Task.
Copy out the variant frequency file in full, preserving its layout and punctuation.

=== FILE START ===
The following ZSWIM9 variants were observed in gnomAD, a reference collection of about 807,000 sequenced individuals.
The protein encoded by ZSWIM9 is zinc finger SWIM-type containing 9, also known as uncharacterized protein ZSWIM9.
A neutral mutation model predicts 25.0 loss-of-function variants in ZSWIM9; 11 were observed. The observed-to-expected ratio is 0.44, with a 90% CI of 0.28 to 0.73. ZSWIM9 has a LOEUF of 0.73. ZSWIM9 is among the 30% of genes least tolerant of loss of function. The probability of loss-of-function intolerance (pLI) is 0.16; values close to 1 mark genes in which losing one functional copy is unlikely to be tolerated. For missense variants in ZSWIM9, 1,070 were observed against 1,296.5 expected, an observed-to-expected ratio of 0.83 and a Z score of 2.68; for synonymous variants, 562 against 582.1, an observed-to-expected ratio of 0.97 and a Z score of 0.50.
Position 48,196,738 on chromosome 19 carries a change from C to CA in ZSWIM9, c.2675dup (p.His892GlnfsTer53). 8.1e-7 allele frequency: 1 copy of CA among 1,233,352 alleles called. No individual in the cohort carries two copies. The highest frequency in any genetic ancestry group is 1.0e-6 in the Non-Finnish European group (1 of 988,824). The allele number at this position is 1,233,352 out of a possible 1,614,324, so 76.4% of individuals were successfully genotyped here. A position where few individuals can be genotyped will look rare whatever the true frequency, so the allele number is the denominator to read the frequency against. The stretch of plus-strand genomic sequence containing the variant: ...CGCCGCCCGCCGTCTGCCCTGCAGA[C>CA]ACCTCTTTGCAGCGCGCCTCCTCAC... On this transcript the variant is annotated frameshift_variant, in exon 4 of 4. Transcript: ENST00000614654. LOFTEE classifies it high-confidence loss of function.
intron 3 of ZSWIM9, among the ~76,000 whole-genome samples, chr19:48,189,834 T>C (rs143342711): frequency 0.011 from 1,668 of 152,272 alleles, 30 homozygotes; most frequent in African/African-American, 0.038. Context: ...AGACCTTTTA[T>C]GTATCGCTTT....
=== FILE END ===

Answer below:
The following ZSWIM9 variants were observed in gnomAD, a reference collection of about 807,000 sequenced individuals.
The protein encoded by ZSWIM9 is zinc finger SWIM-type containing 9, also known as uncharacterized protein ZSWIM9.
A neutral mutation model predicts 25.0 loss-of-function variants in ZSWIM9; 11 were observed. The observed-to-expected ratio is 0.44, with a 90% CI of 0.28 to 0.73. ZSWIM9 has a LOEUF of 0.73. ZSWIM9 is among the 30% of genes least tolerant of loss of function. The probability of loss-of-function intolerance (pLI) is 0.16; values close to 1 mark genes in which losing one functional copy is unlikely to be tolerated. For missense variants in ZSWIM9, 1,070 were observed against 1,296.5 expected, an observed-to-expected ratio of 0.83 and a Z score of 2.68; for synonymous variants, 562 against 582.1, an observed-to-expected ratio of 0.97 and a Z score of 0.50.
Position 48,196,738 on chromosome 19 carries a change from C to CA in ZSWIM9, c.2675dup (p.His892GlnfsTer53). 8.1e-7 allele frequency: 1 copy of CA among 1,233,352 alleles called. No individual in the cohort carries two copies. The highest frequency in any genetic ancestry group is 1.0e-6 in the Non-Finnish European group (1 of 988,824). The allele number at this position is 1,233,352 out of a possible 1,614,324, so 76.4% of individuals were successfully genotyped here. A position where few individuals can be genotyped will look rare whatever the true frequency, so the allele number is the denominator to read the frequency against. The stretch of plus-strand genomic sequence containing the variant: ...CGCCGCCCGCCGTCTGCCCTGCAGA[C>CA]ACCTCTTTGCAGCGCGCCTCCTCAC... On this transcript the variant is annotated frameshift_variant, in exon 4 of 4. Transcript: ENST00000614654. LOFTEE classifies it high-confidence loss of function.
intron 3 of ZSWIM9, among the ~76,000 whole-genome samples, chr19:48,189,834 T>C (rs143342711): frequency 0.011 from 1,668 of 152,272 alleles, 30 homozygotes; most frequent in African/African-American, 0.038. Context: ...AGACCTTTTA[T>C]GTATCGCTTT....